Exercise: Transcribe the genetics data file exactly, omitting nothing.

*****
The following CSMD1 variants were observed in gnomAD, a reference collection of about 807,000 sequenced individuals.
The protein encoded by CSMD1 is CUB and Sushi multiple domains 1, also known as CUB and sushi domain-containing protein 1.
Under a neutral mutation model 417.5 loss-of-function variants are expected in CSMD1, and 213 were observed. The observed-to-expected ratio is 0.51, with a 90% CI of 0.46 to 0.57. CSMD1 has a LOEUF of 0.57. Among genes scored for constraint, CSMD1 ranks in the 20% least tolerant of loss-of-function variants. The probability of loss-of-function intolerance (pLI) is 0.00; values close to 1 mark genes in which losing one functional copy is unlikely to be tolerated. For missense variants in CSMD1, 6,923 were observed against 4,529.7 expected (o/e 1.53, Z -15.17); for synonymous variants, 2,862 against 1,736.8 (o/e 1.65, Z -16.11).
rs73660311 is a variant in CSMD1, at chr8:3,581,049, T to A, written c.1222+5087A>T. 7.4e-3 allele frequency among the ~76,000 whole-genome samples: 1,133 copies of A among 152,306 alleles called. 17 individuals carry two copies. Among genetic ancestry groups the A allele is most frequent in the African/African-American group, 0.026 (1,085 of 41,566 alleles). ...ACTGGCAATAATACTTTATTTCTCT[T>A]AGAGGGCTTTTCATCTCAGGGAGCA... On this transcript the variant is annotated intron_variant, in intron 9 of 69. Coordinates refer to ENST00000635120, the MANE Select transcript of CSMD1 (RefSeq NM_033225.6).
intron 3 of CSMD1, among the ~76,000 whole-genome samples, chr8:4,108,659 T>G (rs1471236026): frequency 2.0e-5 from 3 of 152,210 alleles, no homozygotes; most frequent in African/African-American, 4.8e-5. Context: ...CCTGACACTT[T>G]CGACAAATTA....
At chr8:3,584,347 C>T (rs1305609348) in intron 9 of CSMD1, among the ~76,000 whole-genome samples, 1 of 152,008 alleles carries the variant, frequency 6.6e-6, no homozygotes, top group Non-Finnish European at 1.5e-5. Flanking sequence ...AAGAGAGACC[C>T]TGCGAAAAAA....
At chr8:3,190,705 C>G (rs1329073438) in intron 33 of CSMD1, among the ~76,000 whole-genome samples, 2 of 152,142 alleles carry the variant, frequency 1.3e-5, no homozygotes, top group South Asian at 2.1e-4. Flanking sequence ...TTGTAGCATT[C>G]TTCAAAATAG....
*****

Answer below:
The following CSMD1 variants were observed in gnomAD, a reference collection of about 807,000 sequenced individuals.
The protein encoded by CSMD1 is CUB and Sushi multiple domains 1, also known as CUB and sushi domain-containing protein 1.
Under a neutral mutation model 417.5 loss-of-function variants are expected in CSMD1, and 213 were observed. The observed-to-expected ratio is 0.51, with a 90% CI of 0.46 to 0.57. CSMD1 has a LOEUF of 0.57. Among genes scored for constraint, CSMD1 ranks in the 20% least tolerant of loss-of-function variants. The probability of loss-of-function intolerance (pLI) is 0.00; values close to 1 mark genes in which losing one functional copy is unlikely to be tolerated. For missense variants in CSMD1, 6,923 were observed against 4,529.7 expected (o/e 1.53, Z -15.17); for synonymous variants, 2,862 against 1,736.8 (o/e 1.65, Z -16.11).
rs73660311 is a variant in CSMD1, at chr8:3,581,049, T to A, written c.1222+5087A>T. 7.4e-3 allele frequency among the ~76,000 whole-genome samples: 1,133 copies of A among 152,306 alleles called. 17 individuals carry two copies. Among genetic ancestry groups the A allele is most frequent in the African/African-American group, 0.026 (1,085 of 41,566 alleles). ...ACTGGCAATAATACTTTATTTCTCT[T>A]AGAGGGCTTTTCATCTCAGGGAGCA... On this transcript the variant is annotated intron_variant, in intron 9 of 69. Coordinates refer to ENST00000635120, the MANE Select transcript of CSMD1 (RefSeq NM_033225.6).
intron 3 of CSMD1, among the ~76,000 whole-genome samples, chr8:4,108,659 T>G (rs1471236026): frequency 2.0e-5 from 3 of 152,210 alleles, no homozygotes; most frequent in African/African-American, 4.8e-5. Context: ...CCTGACACTT[T>G]CGACAAATTA....
At chr8:3,584,347 C>T (rs1305609348) in intron 9 of CSMD1, among the ~76,000 whole-genome samples, 1 of 152,008 alleles carries the variant, frequency 6.6e-6, no homozygotes, top group Non-Finnish European at 1.5e-5. Flanking sequence ...AAGAGAGACC[C>T]TGCGAAAAAA....
At chr8:3,190,705 C>G (rs1329073438) in intron 33 of CSMD1, among the ~76,000 whole-genome samples, 2 of 152,142 alleles carry the variant, frequency 1.3e-5, no homozygotes, top group South Asian at 2.1e-4. Flanking sequence ...TTGTAGCATT[C>G]TTCAAAATAG....